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Cincinnati Bengals

A Trip Down Memory Lane

Jeffery Carr

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© Aaron Doster-USA TODAY Sports

Wow, football on Monday night was legitimately awesome. Two professional football teams trading highlight after highlight. Just when you thought one team was going to win, the other team strung together some plays to take the lead back, and the scoreboard just broke. It reminded me of an old Bengals game, about 14 years ago, and it was against the team coming to town this week, the Browns. If you’re like me, you remember this game well, but hey, let’s take a trip down memory lane, anyway.

Both teams came into the game bringing up the rear in the division. Cleveland, at 3-7, was one game behind Cincinnati, at 4-6, despite not having won a road game all year. The Bengals, on the other hand, were looking to revenge a 17-point loss to the Browns in the Dawg Pound, six weeks prior. The Bengals were on the playoff bubble, but that part that was about to pop and in no way had a shot to make it, but they were still looking for a win. Cincy’s defense had held the five opponents since the loss in Cleveland to 20 points, or less. They were riding high and confident they could stifle Kelly Holcomb and company. They were wrong.

The game started off strong…for Cleveland. On the second play of the game, Carson Palmer was picked off by Anthony Henry who took the ball back 31 yards to the Bengals’ 7-yard line. One pass later to Steve Heiden (you remember him, right?) and the Browns were up by seven. The Bengals would answer quickly. Being held to 57 total rushing yards in their previous matchup, Rudi Johnson broke off a 52-yard run, down the left side, to spark a Bengals touchdown, one play later. A quick strike to Kelley Washington tied it all up. Cincy scored once more in the quarter on a three play drive that saw three passes from Carson to Chad Johnson, and the Bengals led 14-7. The Browns cut the lead with a field goal, but the second quarter started with the Bengals in the driver seat. Cincinnati added 13 more, compared to Cleveland’s three, and halftime saw a nice 27-13 Bengals lead.

Then came the second half. Brian Simmons was quoted after the game as saying, “You just can’t explain the second half, and there’s no need to try to. It was a great game for the fans, I guess.” He was referring, of course, to what would become the second highest scoring NFL game, ever.

The Browns showed fight, quickly. Just one minute into the second half passed and Heiden hauled in his second score to make the game interesting again. With the margin now one score, Palmer quickly connected with TJ Houshmandzadeh for a 53-yarder that answered the bell and stretched the lead back to 14. The Cleveland scored, then Cincinnati scored as back and forth the teams went across the field. Forget the defenses, fans were tired from all the movement. Then something happened.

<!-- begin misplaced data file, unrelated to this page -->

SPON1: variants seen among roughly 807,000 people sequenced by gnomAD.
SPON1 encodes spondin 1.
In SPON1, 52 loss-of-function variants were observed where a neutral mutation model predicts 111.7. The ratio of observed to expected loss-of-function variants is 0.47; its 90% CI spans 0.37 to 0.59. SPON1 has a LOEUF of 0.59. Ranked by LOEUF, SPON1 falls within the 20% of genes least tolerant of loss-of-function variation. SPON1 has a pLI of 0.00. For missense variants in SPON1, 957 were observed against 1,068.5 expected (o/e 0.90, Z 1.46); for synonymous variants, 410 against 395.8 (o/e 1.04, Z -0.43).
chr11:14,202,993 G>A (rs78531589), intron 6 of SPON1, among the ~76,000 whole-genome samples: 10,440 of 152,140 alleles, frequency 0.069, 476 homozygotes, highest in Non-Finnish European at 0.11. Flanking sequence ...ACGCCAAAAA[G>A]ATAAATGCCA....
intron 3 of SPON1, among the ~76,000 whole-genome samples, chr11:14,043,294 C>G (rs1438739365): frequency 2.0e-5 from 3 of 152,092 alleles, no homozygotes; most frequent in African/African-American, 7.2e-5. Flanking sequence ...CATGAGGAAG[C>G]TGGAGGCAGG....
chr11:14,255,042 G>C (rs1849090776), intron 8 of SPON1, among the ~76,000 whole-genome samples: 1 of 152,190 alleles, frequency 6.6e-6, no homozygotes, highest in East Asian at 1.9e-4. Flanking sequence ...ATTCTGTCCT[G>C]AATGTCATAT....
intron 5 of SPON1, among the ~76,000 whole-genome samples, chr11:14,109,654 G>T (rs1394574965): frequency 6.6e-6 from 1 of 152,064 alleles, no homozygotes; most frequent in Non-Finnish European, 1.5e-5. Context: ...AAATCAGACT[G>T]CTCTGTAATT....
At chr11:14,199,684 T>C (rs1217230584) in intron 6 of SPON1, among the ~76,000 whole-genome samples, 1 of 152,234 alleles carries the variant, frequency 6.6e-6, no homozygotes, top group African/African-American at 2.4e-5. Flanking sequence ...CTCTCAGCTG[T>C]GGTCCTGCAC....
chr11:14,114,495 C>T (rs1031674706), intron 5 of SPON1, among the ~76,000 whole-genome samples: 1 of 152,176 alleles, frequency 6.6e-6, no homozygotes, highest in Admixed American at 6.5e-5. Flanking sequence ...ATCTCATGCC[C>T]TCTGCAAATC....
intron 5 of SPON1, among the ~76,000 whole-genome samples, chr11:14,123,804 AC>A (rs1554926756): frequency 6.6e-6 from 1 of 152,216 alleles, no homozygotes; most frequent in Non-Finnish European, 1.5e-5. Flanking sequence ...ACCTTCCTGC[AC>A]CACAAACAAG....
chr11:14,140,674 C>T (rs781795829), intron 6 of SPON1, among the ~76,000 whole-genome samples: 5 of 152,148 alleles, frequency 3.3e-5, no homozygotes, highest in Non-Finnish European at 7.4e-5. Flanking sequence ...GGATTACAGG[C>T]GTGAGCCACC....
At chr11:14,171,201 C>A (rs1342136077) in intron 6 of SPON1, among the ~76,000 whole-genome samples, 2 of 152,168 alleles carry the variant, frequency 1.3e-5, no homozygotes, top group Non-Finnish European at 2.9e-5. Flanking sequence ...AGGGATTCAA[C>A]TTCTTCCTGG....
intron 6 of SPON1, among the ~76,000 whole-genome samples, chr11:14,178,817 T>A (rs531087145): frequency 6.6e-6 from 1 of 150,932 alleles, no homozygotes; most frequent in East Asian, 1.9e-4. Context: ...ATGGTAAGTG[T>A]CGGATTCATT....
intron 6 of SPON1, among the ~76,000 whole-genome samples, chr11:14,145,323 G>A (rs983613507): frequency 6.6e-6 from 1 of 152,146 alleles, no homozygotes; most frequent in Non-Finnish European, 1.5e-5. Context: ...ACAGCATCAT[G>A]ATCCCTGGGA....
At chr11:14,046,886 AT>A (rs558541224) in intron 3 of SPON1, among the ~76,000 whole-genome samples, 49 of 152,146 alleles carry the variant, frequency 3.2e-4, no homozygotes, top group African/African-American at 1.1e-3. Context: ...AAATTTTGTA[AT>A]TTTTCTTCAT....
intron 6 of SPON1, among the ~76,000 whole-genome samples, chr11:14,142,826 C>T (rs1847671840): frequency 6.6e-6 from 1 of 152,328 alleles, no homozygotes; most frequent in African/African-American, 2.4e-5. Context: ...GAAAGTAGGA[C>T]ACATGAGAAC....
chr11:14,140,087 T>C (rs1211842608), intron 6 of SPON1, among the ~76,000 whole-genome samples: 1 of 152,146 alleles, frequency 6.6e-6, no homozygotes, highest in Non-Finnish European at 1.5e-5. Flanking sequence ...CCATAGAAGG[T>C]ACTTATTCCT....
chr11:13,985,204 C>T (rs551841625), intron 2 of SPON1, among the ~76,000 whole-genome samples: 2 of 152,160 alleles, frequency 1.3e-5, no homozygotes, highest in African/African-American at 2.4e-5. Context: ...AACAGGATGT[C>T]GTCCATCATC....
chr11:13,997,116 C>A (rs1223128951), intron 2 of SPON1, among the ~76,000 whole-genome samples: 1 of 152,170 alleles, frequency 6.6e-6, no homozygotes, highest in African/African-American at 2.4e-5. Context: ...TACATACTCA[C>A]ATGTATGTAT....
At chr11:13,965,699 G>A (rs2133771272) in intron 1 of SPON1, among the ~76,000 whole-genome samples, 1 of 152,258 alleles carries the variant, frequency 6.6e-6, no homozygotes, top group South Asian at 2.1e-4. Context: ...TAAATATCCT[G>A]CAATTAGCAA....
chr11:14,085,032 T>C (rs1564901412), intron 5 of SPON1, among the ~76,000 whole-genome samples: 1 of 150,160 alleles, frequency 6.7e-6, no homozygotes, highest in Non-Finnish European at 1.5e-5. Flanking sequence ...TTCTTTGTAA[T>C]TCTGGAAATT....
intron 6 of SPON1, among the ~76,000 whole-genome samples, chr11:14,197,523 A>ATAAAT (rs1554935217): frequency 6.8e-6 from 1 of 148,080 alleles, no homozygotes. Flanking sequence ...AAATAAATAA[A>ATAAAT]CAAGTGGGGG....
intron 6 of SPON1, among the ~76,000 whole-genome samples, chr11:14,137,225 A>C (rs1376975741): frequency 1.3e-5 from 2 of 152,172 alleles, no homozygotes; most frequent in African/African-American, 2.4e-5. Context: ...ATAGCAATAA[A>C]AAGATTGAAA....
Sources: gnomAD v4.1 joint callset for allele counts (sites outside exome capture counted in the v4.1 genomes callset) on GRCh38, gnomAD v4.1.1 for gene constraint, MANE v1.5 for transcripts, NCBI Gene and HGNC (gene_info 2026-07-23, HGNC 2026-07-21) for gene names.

With the Bengals enjoying yet another two-TD lead the Browns defense bowed its back and forced a field goal and an interception on consecutive Bengals drives. That combined with the continued brilliance of Holcomb’s passing led to a 21-3 run and the Browns owning the lead for the first time in the game, with 10:29 left to play. The euphoria was short-lived for a team that had lost four in a row, entering the game. The Bengals drove down the field on the shoulders of Rudi Johnson and put up the go-ahead TD with 7:30 left. The two teams then did something odd, for this game, and traded punts, giving Cleveland the ball with 2:37 left. Holcomb, who already had five TDs and close to 400 yards passing, looked to dip into the reservoir one last time. With the ball on the Browns’ 30-yard line and 1:50 on the clock, Holcomb dropped back to pass. He goes right, but it’s picked off! Deltha O’Neal grabs it, sprints down the sideline, and puts this one on ice with a score! 58-48, Bengals win!

Going down memory lane is awesome. You can go to the good games and remember awesome plays. I won’t talk about all the statistics, or names that jumped out at me (like Kevin Kaesviharn), but check it all out here:http://www.espn.com/nfl/boxscore?gameId=241128004

Here’s hoping this Sunday’s game is just as awesome, and a Bengals win.

Follow @jefffcarr and @lockedonBengals on Twitter

Jeff has spent his entire life around sports. From playing baseball and golf in high school to traveling with college softball, volleyball, and men’s basketball teams as their media relations guy, sports have been at the center of his mind. Just as comfortable talking spread offenses as he is talking Sabermetrics, get ready for simplistic views of complicated sports jargon. The Queen City is his home and he is excited to write about the Reds and the Bengals.

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Cincinnati Bengals

The AFC North Power Vacuum

Russell Heltman